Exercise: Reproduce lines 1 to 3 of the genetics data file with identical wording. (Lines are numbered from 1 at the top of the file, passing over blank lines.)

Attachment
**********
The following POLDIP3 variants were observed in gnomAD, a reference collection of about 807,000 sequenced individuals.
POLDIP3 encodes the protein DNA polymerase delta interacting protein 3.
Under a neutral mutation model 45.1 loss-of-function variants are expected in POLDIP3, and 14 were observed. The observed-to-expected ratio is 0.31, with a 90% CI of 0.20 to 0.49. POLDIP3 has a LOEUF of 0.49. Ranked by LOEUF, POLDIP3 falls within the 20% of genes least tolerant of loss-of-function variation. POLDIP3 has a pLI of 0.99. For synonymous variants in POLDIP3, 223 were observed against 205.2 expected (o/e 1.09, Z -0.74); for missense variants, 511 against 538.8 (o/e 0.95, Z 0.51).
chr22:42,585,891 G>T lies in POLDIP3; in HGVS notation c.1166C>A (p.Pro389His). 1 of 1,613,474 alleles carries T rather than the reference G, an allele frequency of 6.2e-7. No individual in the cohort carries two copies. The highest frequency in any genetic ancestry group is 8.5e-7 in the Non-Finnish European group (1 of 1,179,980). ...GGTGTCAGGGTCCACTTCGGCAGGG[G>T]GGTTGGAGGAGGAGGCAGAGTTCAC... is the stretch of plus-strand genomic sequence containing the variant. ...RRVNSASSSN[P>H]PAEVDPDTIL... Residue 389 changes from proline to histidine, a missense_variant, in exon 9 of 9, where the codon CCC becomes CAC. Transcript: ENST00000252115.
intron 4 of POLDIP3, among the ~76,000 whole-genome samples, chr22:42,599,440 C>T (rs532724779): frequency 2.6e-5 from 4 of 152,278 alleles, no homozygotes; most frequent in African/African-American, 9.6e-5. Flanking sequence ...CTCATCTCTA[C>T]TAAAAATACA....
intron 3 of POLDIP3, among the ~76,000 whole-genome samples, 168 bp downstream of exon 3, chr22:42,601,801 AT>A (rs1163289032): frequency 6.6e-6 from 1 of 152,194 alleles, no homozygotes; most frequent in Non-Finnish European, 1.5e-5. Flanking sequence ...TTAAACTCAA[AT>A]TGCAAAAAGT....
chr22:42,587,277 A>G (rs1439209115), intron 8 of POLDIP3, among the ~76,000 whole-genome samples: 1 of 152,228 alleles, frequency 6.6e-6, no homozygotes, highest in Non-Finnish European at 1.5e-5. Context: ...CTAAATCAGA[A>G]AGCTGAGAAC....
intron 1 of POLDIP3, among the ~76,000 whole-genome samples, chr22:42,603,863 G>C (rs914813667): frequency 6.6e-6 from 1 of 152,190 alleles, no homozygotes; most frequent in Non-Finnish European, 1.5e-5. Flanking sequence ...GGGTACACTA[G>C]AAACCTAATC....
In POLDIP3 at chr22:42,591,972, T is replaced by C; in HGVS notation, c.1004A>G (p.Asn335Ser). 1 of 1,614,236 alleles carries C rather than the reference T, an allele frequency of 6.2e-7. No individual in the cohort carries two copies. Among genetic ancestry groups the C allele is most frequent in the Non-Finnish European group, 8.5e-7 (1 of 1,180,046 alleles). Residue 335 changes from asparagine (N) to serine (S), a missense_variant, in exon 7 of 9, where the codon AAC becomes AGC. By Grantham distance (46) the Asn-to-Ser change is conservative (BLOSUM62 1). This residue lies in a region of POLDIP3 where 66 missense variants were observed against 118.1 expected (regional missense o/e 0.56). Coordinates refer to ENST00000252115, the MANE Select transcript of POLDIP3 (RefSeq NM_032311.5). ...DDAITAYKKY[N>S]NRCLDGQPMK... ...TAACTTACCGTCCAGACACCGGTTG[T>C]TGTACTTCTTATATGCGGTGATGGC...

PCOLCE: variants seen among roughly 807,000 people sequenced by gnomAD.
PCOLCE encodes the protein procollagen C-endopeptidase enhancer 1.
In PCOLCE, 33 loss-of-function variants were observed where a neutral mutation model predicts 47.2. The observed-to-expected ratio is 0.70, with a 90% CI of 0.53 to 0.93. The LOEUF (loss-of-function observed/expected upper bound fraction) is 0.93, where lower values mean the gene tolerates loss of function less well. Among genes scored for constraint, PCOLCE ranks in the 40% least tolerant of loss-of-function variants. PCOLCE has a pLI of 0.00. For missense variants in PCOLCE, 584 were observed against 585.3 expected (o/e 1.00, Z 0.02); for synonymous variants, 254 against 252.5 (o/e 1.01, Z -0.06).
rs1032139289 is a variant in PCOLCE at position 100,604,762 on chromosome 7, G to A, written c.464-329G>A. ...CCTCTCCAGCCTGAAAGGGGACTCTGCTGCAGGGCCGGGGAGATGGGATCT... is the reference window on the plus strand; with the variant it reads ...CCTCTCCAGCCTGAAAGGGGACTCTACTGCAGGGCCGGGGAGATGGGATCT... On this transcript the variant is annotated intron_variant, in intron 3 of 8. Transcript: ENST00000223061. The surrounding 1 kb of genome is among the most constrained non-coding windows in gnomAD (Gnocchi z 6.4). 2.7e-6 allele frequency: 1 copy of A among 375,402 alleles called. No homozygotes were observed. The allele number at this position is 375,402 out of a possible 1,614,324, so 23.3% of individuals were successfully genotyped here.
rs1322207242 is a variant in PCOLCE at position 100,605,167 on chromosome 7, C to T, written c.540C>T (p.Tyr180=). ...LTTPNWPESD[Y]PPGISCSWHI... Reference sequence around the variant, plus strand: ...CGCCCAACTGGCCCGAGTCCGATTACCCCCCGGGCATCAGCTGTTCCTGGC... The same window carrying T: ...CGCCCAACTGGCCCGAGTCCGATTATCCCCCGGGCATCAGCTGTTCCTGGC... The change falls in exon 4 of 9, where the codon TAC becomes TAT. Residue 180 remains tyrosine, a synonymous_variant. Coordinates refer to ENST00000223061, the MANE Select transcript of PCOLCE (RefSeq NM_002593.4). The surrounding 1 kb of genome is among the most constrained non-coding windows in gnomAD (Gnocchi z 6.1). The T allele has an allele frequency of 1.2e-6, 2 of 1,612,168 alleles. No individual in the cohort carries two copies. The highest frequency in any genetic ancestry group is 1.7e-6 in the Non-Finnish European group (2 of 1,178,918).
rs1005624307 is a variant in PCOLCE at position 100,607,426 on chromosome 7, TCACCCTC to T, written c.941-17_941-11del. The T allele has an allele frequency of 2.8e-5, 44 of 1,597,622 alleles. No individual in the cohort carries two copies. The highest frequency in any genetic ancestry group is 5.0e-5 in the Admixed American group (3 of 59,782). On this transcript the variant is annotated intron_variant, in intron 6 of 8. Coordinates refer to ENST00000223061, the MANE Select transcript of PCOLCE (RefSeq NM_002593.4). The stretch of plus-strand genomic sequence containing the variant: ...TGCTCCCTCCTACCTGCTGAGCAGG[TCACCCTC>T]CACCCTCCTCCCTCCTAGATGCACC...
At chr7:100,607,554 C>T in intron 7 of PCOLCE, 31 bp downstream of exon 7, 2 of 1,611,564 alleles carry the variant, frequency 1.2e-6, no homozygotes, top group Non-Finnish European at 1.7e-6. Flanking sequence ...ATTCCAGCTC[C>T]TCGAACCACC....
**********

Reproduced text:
The following POLDIP3 variants were observed in gnomAD, a reference collection of about 807,000 sequenced individuals.
POLDIP3 encodes the protein DNA polymerase delta interacting protein 3.
Under a neutral mutation model 45.1 loss-of-function variants are expected in POLDIP3, and 14 were observed. The observed-to-expected ratio is 0.31, with a 90% CI of 0.20 to 0.49. POLDIP3 has a LOEUF of 0.49. Ranked by LOEUF, POLDIP3 falls within the 20% of genes least tolerant of loss-of-function variation. POLDIP3 has a pLI of 0.99. For synonymous variants in POLDIP3, 223 were observed against 205.2 expected (o/e 1.09, Z -0.74); for missense variants, 511 against 538.8 (o/e 0.95, Z 0.51).